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Five Predictions for your Database in 2011 - NoSQL Hype Will Decline

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What does 2011 hold for your database? Below are our main predictions for the year ahead:

  1. Database models and alternatives settle back on SQL

    The recent hype around NoSQL will continue to decline, as DBAs and enterprises return to the proven SQL solutions. As it turns out, the promise for great scalability and distribution that drove the NoSQL adoption early on could not compensate for the lack of the very basic transactional and relational functions, which are core requirements for any commercial application.

    In turn, alternate use cases will be found for NoSQL, and early on signs indicate it is picking up on DW/BI uses – where extra-large data sets and types encompassing high performance key.

  2. Enterprises and Developers will realize that databases in the cloud have specific needs

    Discussion around databases in the cloud is maturing. On the one hand, enterprises and developers started realizing the benefits of the cloud, while on the other hand, they become aware that the cloud is not only about abstraction of virtualization.

    Databases are not only the most mission-critical part of the application, but it’s also becoming abundantly clear that databases in a cloud environment are inherently different than traditional installs. This increased attention given by CIOs and IT professionals to the unique requirements of databases in the cloud will grow stronger in 2011.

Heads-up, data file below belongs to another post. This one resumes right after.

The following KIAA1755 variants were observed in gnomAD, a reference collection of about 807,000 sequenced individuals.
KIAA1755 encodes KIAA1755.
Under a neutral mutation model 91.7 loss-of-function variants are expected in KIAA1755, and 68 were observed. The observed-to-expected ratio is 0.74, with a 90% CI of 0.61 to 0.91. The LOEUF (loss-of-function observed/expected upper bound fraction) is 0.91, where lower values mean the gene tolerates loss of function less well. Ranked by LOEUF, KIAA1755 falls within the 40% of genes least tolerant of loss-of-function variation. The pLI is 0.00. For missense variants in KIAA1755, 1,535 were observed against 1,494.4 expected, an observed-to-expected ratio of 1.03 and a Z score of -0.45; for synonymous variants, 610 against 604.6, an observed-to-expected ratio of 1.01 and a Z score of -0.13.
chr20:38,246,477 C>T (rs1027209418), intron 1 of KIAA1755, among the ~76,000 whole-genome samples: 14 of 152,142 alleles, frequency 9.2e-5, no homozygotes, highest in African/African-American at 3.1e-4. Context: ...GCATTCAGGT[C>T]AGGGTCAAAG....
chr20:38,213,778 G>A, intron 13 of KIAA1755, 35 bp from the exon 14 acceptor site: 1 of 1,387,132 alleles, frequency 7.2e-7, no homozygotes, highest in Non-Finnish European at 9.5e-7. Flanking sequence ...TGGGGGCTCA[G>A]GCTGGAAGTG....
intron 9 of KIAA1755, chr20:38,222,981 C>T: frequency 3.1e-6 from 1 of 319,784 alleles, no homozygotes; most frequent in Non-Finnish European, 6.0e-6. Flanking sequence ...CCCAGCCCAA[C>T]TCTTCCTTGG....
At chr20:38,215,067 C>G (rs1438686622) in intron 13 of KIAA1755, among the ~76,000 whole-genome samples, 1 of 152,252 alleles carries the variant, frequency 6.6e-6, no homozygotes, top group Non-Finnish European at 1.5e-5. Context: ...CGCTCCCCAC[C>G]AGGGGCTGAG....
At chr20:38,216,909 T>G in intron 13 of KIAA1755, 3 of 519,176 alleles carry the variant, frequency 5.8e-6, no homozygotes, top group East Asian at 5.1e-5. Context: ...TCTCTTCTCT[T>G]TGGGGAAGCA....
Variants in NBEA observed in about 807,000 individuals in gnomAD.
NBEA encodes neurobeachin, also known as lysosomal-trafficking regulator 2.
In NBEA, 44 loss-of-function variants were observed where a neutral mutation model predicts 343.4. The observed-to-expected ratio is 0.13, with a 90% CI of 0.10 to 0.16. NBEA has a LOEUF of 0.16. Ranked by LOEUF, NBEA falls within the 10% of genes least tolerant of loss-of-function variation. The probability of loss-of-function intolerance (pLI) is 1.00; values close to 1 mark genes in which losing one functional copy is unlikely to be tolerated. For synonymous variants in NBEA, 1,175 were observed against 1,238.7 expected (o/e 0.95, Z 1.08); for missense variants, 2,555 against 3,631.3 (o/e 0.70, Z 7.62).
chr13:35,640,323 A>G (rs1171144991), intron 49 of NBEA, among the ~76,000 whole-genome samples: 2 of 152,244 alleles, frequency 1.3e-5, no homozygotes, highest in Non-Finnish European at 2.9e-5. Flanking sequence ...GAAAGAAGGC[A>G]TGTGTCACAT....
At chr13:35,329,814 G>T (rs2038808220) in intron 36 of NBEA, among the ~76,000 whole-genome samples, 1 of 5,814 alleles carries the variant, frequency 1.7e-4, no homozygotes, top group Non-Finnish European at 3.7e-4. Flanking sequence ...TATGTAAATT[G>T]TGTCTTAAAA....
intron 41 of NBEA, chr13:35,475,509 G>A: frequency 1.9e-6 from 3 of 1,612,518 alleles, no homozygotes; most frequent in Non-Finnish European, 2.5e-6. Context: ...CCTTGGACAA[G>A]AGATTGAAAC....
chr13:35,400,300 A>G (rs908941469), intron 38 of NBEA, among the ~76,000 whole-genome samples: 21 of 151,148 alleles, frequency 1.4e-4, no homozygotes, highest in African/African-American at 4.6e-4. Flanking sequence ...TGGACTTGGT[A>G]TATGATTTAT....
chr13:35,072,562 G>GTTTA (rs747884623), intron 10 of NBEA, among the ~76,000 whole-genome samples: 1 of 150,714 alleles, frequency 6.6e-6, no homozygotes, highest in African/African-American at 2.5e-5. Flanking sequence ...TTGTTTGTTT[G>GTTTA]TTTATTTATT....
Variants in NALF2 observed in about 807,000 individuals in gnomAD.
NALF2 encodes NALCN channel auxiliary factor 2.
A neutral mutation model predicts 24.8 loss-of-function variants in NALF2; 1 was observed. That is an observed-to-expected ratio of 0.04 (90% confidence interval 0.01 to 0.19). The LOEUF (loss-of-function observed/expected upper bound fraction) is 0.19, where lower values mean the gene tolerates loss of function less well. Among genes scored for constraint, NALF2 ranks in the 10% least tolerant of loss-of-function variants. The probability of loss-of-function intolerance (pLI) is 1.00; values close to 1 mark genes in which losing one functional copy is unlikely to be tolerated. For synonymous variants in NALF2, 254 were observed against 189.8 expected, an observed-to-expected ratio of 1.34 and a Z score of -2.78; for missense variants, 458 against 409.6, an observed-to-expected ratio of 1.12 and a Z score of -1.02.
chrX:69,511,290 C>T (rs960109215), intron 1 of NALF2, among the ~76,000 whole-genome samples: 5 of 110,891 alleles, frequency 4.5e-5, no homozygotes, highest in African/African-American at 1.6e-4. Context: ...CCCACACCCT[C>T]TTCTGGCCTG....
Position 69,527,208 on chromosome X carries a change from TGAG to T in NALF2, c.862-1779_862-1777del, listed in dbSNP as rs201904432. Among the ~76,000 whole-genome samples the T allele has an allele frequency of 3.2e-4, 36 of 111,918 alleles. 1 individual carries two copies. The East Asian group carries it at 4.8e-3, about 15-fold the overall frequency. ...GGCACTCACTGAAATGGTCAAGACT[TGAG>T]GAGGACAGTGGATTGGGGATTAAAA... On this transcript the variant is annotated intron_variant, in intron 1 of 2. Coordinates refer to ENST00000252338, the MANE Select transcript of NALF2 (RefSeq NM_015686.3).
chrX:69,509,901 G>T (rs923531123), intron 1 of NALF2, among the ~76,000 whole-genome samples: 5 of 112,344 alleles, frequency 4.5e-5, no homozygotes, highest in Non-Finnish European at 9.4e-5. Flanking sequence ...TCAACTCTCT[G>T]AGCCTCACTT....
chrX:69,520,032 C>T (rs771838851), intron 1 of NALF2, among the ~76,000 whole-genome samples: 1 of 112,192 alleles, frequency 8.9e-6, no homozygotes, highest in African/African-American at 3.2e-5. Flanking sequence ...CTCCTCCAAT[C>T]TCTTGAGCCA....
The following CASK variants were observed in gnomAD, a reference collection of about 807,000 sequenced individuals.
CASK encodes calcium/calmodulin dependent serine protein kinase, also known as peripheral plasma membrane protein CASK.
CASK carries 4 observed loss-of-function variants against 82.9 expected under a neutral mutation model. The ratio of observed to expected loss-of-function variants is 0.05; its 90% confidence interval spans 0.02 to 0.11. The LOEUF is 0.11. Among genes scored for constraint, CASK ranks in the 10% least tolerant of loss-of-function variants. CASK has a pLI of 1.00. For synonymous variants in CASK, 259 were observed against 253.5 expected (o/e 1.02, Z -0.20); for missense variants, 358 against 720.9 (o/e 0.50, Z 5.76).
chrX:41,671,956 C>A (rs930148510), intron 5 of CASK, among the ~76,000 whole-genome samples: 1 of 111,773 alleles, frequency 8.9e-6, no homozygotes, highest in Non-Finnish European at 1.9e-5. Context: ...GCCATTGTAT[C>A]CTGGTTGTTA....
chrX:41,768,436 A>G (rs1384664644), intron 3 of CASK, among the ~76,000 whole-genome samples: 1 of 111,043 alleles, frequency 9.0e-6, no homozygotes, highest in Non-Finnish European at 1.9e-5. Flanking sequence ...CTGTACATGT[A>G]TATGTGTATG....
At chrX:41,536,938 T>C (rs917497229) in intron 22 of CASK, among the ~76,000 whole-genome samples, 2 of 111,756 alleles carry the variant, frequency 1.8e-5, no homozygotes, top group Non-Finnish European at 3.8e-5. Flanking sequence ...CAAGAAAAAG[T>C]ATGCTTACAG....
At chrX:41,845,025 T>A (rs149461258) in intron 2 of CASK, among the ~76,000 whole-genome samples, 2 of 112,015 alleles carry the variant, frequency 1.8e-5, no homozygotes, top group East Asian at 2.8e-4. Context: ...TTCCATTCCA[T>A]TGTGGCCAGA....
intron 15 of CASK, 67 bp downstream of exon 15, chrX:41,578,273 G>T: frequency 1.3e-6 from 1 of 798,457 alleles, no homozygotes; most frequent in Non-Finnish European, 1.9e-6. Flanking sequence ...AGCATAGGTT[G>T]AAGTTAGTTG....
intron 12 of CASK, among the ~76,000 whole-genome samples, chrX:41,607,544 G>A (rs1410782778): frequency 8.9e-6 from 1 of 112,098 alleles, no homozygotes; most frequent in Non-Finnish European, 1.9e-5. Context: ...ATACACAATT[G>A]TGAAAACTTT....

It has become evident that running a database in the cloud is not as simple as installing it over a virtual machine – mostly because of the fluidity of resources and the highly fragmented nature of the cloud. Those who have made their first steps in cloud database architecture discovered that achieving high availability, scalability and multi-tenancy in a cloud setup is more difficult than first perceived.

  3. 2011 is the year of Database-as-a-Service (DBaaS)

    The promise of databases in the cloud goes beyond mere cost reduction and operations efficiency. It is all about simplicity and a “worry free” philosophy. The cloud DBaaS delivers seamless configuration and optimization for your database performance and availability on the cloud. Setup issues and the on-going DB operations become automated or as easy as a click of a button away.

    DB management tasks aimed to ensure high availability, elasticity, and geographical distribution, as well as on-going tedious daily operations – that typically require long and detailed planning, extensive resources and complex execution – all become as simple as click-and-go.

    2011 will be the year of “plug-and-play” for databases – where you could be set up with your highly available database in the cloud in a matter of minutes. Plug-and-play also implies no vendor lock-in, which is a major barrier in current setups. DBaaS will also be implemented in private clouds, as more and more local platforms mature and become similarly plug-and-play.

    Last but not least is the smooth transition – typically no code changes are required in order to run your database in the cloud. In fact, architectural and code scaling considerations such as memcached, sharding etc. become redundant.